Wednesday, February 29, 2012

Frame and Panel (and spoons)

 Here's a photo of a frame and panel that I've been working on the last couple of days.  The frame is Cherry with the panel in Curly Maple with bug stains.  The Maple came from the pallet stack at the lumber yard about a year ago, I don't know whether I posted much if anything about it then.  It's been sitting in my basement since, and is dry enough to use now.  I chopped the 1/4" mortises with my Narex mortise chisel and used my Ryoba to cut the tenons, and I got quite a bit of use out of my Veritas plow plane for the grooves and rebates that allow the panel to sit flush with the top of the frame.  For the cross grain rebates, I scored deeply with my marking gauge (pin filed into a knife edge) and ran the first dozen passes carefully to preserve the visible edge.  This worked out fine, and saved me have to make or buy a rebate plane.  The Veritas only works for rebates up to about 3/8" wide (the widest blade), but that was fine for this application.  For a wider rebate, you could simply plow a groove and then use a bench plane to remove the relish. 

On the panel is a collection of spoons I've been accumulating the last couple of weeks, most in Black Birch.  I've been building up a collection to bring to a couple of stores, and after reviewing the terms on Etsy again, I'm considering selling some there as well.  This was my first time using Black Birch for anything but walking sticks as a kid, and it's interesting to work.  It's harder than the Paper Birch I'm also using, and the grain is a little more distinct.  Most of these spoons are made from vertical grain wood, split radially from a small log.  A couple are made from bent or straight branches.  I found one branch that worked nicely so that I ended up with some curly grain in the bowl.  Overall I'm pleased with where the spoons are going.  They're getting closer to the spoons I've been trying to create from the start.  A new hook or two would help me get the inside of the bowl right, I still only have the small radius Mora hook.  I'm talking to a blacksmith friend of mine about a couple of ideas.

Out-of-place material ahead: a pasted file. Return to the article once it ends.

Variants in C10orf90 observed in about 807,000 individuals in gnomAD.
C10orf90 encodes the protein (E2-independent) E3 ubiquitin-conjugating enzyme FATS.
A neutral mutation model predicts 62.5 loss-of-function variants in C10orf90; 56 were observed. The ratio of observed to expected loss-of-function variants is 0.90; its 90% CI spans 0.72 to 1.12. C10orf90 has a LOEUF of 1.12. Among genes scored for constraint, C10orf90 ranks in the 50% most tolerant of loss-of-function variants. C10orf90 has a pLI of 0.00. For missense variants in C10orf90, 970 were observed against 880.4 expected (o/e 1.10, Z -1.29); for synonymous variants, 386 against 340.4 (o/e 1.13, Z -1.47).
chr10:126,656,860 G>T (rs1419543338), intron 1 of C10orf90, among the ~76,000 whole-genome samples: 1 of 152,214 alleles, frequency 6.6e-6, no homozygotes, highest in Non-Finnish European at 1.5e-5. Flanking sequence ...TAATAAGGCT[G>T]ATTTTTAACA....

Here's a picture of me with the panel, to get a feel for the size of it.  It's about 18x18", not including the untrimmed ends.  I'm thinking this would make a nice little tabletop.  Some finish will help the grain really show up, and I'll probably let it sit in the sun to darken the Cherry up a bit.

Thursday, February 02, 2012

The Spoon: Further Developments

 In retrospect, most problems or challenges seem trivial.  I have been struggling on and off to create an elegant scoop to the top of the bowl of my spoons.  Until today, I was unsuccessful.  The difference in today is that Barn The Spoon posted up a short video on his blog in which he carves one of his octagonal handled eating spoons.  Watching him carve, everything clicked (or at least in relation to this particular issue). 

In order to achieve the scooped top to the bowl, Barn creates a convex top first, then when everything in the middle is carved away, only the perimeter of the bowl defines the topography.  It's much easier to see in the video than try to understand by writing.  The reason I couldn't work out how to create this effect is that I was thinking too much in two dimensions; top view and side view.  To create this effect, it must be approached in three dimensions.  Once it's clear in the mind, it's very easy to achieve. 

An interesting side effect of creating this scoop top to the bowl is that hollowing the bowl seems much easier.  I am having fewer issues with fibers tearing and running out, and overall am getting a pretty smooth finish in there.

The two spoons shown here (and I also carved a third) are fairly crude overall, but my main focus was on that one aspect of the bowl, which with a little refining will be exactly what I have been seeking.  In short, this is a public thanks to Barn The Spoon for helping out fellow spooners around the world refine their craft, and for acting as inspiration to anyone that thinks they can't be successful in pursuing their dream.